If there is one thing that comes from Obamacare in the “no pre-existing conditions” clause in the law is that it seems to me to be the beginning, it signifies a new, sensible form of regulation that the government hasn’t been able to induce from within for a long time. All to often there is an over abundant, all-encompassing agency of regulation to the point of stifling manufacturing and industry in general, which the conservative side of the aisle makes known to good standing. But the “no pre-existing conditions” clause within Obamacare seems like a healthy regulatory maneuver on its own merits.

It is yet to be determined if The Supreme Court will throw the entire law out or if they will find parts of it unconstitutional. Let’s just hope they get to it before this entire episode in American History makes everyone sick.

Copyright © William Thien 2011

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The premise of my most recent essay on health care is that our current system of medicine in The United States is more expensive and less efficient than many socialized systems in other countries because their people live longer and pay less for the services. That’s pretty significant. They don’t want you to know that here in The United States.

I concluded that the reason our system is less efficient and more expensive is that we pay into many systems, our own private health insurance, as well as Medicare, Medicaid and Social Security. The administrative costs to maintain those systems and administer medicine is enormous. In contrast, in a country with socialized medicine, or perhaps theoretically a single, privatized system, they pay into only one system which is much less complicated, much less expensive, and often more efficient due to its simplified design.

The problem many conservatives have with government-run health care, or socialized medicine, is that it means more government. But I’ve proven that our current system of medicine in The United States, which is really a contrivance of a number of systems, is actually more government than in many of those countries with socialized medicine. Why? Because we have several systems all working at once with redundancies and multiple administrative costs to accomplish one goal, America’s health.

This raises the question, then, with conservatives believing in less government, and a one system form of socialized medicine which exists in other countries being less government than the system we currently have composed of many complicated systems, it raises the question, would conservatives go for such a single, socialized system (or privatized) of health care if it means less government, less cost, and more efficiency, or, would conservatives simply have an ideological difference which prevents them from accepting such a system of medicine even if it meant a substantial cost savings and that citizens subject to such a system of medicine lived longer, or, is there another factor in the equation that we don’t know about, that of the health insurance lobbyist that likes things this complicated because it is more profitable?

That’s a long question. That’s a good question. It’s the question they don’t want anyone to ask of the general public, I guarantee.

As a conservative myself I can honestly say that if it meant substantially less government and less cost and I got more out of such a health care system, my answer would be a definitive “YES!”

But America is not those other countries. Our social makeup is far more complex. We speak many languages and have many customs whereas in other countries, they have a more homogenous population, all speaking one language, perhaps all eating very similar foods and having similar behaviors. It stands to reason that it would be less complicated to treat such a population.

Yet, it still doesn’t negate the fact that our system of medicine in The United States is very complicated and as a result more expensive and probably less efficient, even though many trumpet our advances in medical science and diagnosis. The fact remains that people often live longer in countries with socialized medicine and if you ask me, longevity is really the final word on whether a system of medicine is effective or not.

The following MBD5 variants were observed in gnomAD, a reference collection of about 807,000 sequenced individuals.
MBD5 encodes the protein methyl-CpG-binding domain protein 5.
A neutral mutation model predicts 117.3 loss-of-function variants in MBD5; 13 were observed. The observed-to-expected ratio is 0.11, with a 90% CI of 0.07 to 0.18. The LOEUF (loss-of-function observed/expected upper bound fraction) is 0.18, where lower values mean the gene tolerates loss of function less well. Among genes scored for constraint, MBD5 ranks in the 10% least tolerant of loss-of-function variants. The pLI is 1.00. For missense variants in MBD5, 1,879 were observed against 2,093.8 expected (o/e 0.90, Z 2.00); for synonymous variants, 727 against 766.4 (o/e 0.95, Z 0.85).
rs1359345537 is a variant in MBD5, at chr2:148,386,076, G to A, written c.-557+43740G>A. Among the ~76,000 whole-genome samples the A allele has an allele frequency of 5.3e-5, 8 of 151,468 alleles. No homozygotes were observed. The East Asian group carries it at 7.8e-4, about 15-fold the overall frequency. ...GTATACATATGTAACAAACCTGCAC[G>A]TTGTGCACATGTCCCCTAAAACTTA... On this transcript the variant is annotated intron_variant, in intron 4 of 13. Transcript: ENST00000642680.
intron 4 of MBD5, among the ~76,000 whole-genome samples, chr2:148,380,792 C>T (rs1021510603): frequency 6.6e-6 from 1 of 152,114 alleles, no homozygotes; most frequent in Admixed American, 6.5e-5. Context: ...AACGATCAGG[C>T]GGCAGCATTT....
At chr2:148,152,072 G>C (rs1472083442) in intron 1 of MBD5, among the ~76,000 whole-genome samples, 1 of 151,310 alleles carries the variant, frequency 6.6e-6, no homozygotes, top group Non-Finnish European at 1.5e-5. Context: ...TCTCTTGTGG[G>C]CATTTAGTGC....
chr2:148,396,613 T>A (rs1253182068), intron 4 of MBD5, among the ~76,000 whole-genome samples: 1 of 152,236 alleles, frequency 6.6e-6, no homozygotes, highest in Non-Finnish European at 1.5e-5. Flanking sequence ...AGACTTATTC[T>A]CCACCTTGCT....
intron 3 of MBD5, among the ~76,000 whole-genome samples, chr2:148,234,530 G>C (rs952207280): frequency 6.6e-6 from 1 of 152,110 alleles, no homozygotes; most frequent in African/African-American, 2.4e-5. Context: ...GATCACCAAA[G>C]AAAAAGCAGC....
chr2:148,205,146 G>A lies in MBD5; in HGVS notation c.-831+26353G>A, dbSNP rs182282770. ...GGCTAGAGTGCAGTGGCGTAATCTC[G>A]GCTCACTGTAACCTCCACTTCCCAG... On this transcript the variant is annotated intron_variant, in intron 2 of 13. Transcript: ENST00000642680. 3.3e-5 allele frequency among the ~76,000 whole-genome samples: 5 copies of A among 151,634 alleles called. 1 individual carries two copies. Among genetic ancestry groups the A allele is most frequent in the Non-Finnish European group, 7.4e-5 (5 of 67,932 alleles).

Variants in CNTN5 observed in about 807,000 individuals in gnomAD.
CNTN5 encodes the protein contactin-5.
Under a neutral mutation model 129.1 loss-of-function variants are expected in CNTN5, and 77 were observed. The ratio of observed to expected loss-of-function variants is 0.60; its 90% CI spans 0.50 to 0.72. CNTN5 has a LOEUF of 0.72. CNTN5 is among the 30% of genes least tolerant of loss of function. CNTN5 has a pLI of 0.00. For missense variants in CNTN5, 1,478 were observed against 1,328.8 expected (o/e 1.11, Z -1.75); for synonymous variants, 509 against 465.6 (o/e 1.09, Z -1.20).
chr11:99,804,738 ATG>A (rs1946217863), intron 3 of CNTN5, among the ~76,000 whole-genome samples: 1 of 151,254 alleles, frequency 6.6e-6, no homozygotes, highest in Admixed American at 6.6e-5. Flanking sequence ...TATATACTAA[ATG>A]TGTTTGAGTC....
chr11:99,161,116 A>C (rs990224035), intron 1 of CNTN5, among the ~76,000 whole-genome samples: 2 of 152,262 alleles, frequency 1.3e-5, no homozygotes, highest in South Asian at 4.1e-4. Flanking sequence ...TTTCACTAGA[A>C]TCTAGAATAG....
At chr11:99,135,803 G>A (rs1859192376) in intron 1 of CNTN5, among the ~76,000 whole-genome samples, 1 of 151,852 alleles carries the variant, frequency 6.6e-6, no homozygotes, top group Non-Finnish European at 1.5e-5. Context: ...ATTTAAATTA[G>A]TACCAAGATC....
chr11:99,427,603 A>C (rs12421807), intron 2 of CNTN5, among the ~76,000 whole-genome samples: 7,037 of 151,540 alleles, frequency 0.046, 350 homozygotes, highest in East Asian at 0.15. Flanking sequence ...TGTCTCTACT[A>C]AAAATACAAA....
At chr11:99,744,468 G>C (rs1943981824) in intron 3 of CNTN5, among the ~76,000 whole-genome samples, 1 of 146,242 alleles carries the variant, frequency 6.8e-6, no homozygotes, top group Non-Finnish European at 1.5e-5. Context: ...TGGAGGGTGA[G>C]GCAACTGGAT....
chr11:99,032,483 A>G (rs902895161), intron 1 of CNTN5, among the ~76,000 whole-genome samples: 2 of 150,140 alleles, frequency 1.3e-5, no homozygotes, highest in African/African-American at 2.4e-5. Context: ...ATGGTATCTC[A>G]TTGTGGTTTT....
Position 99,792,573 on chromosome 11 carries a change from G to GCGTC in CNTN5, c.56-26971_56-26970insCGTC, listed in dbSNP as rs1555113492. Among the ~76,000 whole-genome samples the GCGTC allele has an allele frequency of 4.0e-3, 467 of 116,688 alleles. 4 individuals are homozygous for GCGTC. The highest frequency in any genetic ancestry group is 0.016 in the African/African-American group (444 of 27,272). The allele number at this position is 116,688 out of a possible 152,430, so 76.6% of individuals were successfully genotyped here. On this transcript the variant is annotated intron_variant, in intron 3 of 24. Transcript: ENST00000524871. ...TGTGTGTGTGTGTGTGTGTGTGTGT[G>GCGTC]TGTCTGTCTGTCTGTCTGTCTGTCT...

And, as a country desperately looking to trim the budget, maybe we should look into it, even if it means less cost and better services.

I think the question at the back of everyone’s mind is, “has anyone done the math, yet?”

Copyright © William Thien 2011

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I really don’t know what to make of this story except that it is an indication how haywire the social safety net has become in this country.

I was chatting recently with a friend of mine on the telephone and he tells me this story about someone he used to work with that was laid off. The guy who was laid off owns cats and likes his cats very much. One day when he gets up in the morning he notices there is something wrong with one of his favorite cats and so he takes the animal in to the veterinarian.

After a few minutes the vet comes out and says his cat is going to need a $4500 operation. Luckily, the guy says, he’d saved some money before he was laid off and he can pay for it. Go ahead, he tells the vet, let’s do it.

Two months later the guy himself finds out that he himself needs to have some medical work done and it turns out the doctor’s bills approach thirty-five hundred dollars. But since he was laid off, he lost his health insurance. And since he spent the money on his cat’s surgery two months prior, he can’t cover the cost of his own health care anymore. He didn’t buy his own private insurance plan. Now he doesn’t know what to do.

So, he files with the government that he is unable to pay for the doctor’s bills. Now you and I are paying for his doctor’s bills when, had he not paid to have $4500 dollars of veterinarian work done on his cat, he would have had the money.

I like animals as much as the next guy. But this seems to me to be a little insane and is a clear indication of how haywire the social safety net has become in this country. And I’d be willing to bet many of those cat women out there, you know, the ones that have three or more cats, and there are a lot of them, have done just what that guy has done. It’s not just the money, it’s the cost to administer the money as well.

And it’s the insanity of it all.

It’s Not My Cat. Why Do I have to Pay to Have it Cured? Because that’s effectively what has happened, make no mistake. And it probably happens all the time.

Copyright © William Thien 2011